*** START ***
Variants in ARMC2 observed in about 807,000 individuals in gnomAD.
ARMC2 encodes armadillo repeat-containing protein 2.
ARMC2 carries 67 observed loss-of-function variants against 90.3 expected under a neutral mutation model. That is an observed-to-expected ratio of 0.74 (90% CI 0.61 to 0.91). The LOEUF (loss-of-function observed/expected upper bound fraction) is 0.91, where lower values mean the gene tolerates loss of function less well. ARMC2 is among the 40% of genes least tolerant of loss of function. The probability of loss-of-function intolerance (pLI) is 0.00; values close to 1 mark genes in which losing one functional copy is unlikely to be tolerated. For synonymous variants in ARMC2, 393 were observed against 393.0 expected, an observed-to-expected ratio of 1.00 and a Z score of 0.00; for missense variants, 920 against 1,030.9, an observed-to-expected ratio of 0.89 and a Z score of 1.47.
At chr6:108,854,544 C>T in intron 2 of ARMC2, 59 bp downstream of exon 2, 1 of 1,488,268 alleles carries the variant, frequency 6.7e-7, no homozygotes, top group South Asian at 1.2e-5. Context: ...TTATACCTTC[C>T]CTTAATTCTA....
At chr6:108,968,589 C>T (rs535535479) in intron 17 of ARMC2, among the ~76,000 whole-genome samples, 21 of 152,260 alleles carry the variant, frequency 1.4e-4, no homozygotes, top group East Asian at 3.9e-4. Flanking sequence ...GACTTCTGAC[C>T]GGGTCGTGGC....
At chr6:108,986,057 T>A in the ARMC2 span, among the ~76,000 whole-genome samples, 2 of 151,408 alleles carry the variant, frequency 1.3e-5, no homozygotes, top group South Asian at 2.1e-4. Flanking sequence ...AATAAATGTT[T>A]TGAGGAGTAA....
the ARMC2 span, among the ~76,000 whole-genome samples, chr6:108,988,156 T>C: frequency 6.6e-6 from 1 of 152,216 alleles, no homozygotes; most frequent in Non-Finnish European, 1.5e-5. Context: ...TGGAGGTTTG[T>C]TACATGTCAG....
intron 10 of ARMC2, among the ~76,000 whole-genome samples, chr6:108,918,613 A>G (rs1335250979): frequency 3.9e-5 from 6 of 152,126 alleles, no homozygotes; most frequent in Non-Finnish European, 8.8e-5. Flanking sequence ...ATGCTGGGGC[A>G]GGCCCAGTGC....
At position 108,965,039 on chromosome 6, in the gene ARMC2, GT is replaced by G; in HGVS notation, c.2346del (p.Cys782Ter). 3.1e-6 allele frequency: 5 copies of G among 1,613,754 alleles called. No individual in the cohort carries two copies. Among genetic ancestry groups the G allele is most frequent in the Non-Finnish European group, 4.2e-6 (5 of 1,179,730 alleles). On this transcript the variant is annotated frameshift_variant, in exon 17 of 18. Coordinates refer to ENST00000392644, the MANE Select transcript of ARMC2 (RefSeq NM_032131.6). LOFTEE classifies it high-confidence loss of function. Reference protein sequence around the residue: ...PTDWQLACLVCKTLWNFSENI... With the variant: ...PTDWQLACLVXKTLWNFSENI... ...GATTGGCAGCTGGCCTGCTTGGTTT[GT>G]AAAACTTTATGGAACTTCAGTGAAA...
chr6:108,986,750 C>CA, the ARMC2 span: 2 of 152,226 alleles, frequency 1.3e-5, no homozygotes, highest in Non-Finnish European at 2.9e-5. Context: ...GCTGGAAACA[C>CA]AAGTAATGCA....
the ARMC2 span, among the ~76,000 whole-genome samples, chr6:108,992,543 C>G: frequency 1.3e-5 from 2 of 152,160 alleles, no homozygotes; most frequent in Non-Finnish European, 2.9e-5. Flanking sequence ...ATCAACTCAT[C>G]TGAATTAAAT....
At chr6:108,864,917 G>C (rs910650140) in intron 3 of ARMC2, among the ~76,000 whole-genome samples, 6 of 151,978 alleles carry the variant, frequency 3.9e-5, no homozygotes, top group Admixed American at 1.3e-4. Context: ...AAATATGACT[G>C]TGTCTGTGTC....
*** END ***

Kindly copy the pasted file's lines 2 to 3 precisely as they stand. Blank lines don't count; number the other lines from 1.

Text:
ARMC2 encodes armadillo repeat-containing protein 2.
ARMC2 carries 67 observed loss-of-function variants against 90.3 expected under a neutral mutation model. That is an observed-to-expected ratio of 0.74 (90% CI 0.61 to 0.91). The LOEUF (loss-of-function observed/expected upper bound fraction) is 0.91, where lower values mean the gene tolerates loss of function less well. ARMC2 is among the 40% of genes least tolerant of loss of function. The probability of loss-of-function intolerance (pLI) is 0.00; values close to 1 mark genes in which losing one functional copy is unlikely to be tolerated. For synonymous variants in ARMC2, 393 were observed against 393.0 expected, an observed-to-expected ratio of 1.00 and a Z score of 0.00; for missense variants, 920 against 1,030.9, an observed-to-expected ratio of 0.89 and a Z score of 1.47.